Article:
Journal of Neuro-Oncology

, Volume 105, Issue 3, pp 639–646 | Cite as

A functional polymorphism in the pre-miR-146a gene is associated with risk and prognosis in adult glioma

  • Jennifer Permuth-Wey
  • Reid C. Thompson
  • L. Burton Nabors
  • Jeffrey J. Olson
  • James E. Browning
  • Melissa H. Madden
  • Y. Ann Chen
  • Kathleen M. Egan
Clinical Study – Patient Study


MicroRNAs (miRNAs) are non-coding RNAs that function as post-transcriptional regulators of tumor suppressors and oncogenes. Single nucleotide polymorphisms (SNPs) in miRNAs may contribute to carcinogenesis by altering expression of miRNAs and their targets. A G>C polymorphism (rs2910164) in the miR-146a precursor sequence leads to a functional change associated with the risk for numerous malignancies. A role for this SNP in glioma pathogenesis has not yet been examined. We investigated whether rs2910164 genotypes influence glioma risk and prognosis in a multi-center case–control study comprised of 593 Caucasian glioma cases and 614 community-based controls. Unconditional logistic regression was used to estimate odds ratios (OR) and 95% confidence intervals (CI) for rs2910164 genotypes according to case status. Cox proportional hazards regression modeling was used to estimate hazards ratios (HR) and 95% CIs according to genotype among glioblastomas, the most lethal glioma subtype. An increased glioma risk was observed among rs2910164 minor allele (C) carriers (per allele OR (95% CI) = 1.22 (1.01–1.46, p trend = 0.039)). The association was stronger among older subjects carrying at least one copy of the C allele (OR (95% CI) = 1.38 (1.04–1.83, P = 0.026). Mortality was increased among minor allele carriers (HR (95% CI) = 1.33 (1.03–1.72, P = 0.029)), with the association largely restricted to females (HR (95% CI) = 2.02 (1.28–3.17, P = 0.002)). We provide novel data suggesting rs2910164 genotype may contribute to glioma susceptibility and outcome. Future studies are warranted to replicate these findings and characterize mechanisms underlying these associations.


Genotype Glioma Susceptibility Single nucleotide polymorphism MicroRNA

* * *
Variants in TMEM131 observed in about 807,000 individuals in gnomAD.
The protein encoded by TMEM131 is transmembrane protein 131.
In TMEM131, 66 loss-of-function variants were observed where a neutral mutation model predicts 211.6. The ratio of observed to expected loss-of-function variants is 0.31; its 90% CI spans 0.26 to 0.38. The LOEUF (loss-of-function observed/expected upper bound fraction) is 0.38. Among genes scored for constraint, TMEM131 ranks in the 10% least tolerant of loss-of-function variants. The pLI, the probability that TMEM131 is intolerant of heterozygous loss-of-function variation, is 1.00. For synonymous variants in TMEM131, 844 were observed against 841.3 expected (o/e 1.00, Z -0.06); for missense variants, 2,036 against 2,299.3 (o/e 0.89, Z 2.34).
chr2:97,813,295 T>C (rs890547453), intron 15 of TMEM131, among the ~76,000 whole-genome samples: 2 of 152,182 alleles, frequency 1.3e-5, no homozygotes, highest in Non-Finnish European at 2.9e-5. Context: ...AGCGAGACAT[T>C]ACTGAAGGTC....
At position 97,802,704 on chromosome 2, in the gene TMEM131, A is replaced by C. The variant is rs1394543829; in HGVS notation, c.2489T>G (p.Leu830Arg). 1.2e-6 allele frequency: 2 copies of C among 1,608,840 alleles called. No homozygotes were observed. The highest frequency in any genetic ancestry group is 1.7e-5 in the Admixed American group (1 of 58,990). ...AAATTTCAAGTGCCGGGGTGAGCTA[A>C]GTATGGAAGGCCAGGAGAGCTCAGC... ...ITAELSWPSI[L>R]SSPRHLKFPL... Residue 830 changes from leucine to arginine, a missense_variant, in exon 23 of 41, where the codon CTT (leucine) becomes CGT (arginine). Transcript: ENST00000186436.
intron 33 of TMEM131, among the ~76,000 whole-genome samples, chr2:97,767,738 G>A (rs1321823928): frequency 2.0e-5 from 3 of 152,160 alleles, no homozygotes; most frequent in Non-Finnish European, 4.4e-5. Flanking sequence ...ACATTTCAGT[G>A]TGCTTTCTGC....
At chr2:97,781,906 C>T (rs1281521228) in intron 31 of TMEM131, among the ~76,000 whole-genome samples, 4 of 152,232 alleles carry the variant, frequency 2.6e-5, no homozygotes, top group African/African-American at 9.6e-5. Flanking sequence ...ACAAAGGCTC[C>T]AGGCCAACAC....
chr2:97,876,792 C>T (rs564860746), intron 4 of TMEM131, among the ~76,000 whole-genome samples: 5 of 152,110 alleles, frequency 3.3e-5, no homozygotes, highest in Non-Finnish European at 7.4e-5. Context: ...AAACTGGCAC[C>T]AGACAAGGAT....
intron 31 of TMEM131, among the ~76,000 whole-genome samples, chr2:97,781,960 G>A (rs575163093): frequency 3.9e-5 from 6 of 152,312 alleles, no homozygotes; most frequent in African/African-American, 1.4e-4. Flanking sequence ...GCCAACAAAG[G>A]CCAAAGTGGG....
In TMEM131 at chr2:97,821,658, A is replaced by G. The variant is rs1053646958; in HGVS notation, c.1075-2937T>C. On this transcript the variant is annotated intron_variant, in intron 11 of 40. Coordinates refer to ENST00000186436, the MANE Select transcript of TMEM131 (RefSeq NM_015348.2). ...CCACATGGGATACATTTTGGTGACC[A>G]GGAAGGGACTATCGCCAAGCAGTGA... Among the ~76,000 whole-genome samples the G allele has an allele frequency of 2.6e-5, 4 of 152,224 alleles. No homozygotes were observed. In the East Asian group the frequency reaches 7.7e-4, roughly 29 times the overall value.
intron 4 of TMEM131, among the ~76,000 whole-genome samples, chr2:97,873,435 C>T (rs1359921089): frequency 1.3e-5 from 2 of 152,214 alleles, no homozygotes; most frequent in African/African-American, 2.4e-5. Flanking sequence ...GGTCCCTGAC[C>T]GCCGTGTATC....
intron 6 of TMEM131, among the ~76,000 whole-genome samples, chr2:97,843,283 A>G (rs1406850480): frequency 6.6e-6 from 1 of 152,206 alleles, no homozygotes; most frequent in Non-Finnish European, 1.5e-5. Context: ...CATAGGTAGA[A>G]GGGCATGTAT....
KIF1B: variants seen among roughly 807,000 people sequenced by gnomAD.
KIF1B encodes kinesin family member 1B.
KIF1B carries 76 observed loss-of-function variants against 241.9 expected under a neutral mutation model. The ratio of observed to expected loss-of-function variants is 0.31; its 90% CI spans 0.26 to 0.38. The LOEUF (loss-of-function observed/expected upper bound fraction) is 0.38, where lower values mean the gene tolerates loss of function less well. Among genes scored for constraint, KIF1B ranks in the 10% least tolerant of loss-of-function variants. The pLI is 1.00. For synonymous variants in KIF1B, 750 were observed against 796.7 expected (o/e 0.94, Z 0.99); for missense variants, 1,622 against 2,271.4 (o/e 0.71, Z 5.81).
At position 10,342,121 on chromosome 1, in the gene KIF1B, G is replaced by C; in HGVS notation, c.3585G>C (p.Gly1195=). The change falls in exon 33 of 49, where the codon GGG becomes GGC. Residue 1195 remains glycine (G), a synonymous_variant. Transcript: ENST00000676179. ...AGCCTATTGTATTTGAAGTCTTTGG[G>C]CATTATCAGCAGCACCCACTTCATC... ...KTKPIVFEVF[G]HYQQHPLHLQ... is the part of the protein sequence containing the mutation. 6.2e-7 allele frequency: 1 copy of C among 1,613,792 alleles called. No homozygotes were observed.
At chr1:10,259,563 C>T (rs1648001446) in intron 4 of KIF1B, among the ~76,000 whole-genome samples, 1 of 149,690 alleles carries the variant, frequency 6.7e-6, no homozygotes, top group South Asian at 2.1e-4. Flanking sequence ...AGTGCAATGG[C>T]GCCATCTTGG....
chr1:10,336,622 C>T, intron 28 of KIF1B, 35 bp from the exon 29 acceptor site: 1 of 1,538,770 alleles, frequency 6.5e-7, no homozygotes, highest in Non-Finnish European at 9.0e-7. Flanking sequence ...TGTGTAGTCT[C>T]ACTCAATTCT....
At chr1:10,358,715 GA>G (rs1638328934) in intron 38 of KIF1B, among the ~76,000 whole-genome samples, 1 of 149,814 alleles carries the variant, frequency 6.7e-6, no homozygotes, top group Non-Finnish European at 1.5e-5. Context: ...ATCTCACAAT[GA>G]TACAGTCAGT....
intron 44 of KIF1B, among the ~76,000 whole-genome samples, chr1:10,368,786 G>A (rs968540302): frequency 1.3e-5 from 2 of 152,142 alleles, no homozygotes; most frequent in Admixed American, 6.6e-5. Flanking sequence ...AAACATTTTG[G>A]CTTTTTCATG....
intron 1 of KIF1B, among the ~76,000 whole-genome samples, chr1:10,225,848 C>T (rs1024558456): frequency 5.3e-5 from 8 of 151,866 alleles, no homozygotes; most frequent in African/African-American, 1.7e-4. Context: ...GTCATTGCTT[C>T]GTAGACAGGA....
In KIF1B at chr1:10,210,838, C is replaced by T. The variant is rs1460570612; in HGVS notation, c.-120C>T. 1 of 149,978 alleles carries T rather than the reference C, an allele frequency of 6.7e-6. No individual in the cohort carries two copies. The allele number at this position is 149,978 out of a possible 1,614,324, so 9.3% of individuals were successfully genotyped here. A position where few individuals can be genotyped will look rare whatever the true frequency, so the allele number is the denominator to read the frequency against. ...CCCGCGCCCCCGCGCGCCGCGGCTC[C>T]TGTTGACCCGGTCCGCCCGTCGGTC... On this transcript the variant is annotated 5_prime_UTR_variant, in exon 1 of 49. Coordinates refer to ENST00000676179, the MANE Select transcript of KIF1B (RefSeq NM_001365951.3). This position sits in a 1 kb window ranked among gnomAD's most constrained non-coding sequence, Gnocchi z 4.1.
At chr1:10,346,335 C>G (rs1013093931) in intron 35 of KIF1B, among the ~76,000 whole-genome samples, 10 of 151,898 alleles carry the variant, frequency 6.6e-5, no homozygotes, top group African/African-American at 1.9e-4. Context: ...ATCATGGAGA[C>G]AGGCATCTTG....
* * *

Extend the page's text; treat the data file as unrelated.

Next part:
The authors wish to acknowledge the study participants without whom the research would not have been possible. We further wish to thank the clinicians and research staffs at participating medical centers for their contributions. Finally, we thank Ms. Anna Konidari and staff at the Center for Genome Technology at the Hussman Institute for Human Genomics, University of Miami for their expert technical assistance in genotyping. The project was supported by the National Institutes of Health (CA R01CA116174) and institutional funding provided by the Moffitt Cancer Center (Tampa, FL) and the Vanderbilt-Ingram Comprehensive Cancer Center (Nashville, TN).


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Copyright information

© Springer Science+Business Media, LLC. 2011

Authors and Affiliations

  • Jennifer Permuth-Wey
    • 1
  • Reid C. Thompson
    • 2
  • L. Burton Nabors
    • 3
  • Jeffrey J. Olson
    • 4
  • James E. Browning
    • 1
  • Melissa H. Madden
    • 1
  • Y. Ann Chen
    • 5
  • Kathleen M. Egan
    • 1
  1. 1.Department of Cancer Epidemiology, Division of Population SciencesH. Lee Moffitt Cancer Center and Research InstituteTampaUSA
  2. 2.Department of Neurological SurgeryVanderbilt University Medical CenterNashvilleUSA
  3. 3.Neuro-oncology ProgramUniversity of Alabama at BirminghamBirminghamUSA
  4. 4.Department of NeurosurgeryEmory University School of MedicineAtlantaUSA
  5. 5.Department of BiostatisticsH. Lee Moffitt Cancer Center & Research InstituteTampaUSA

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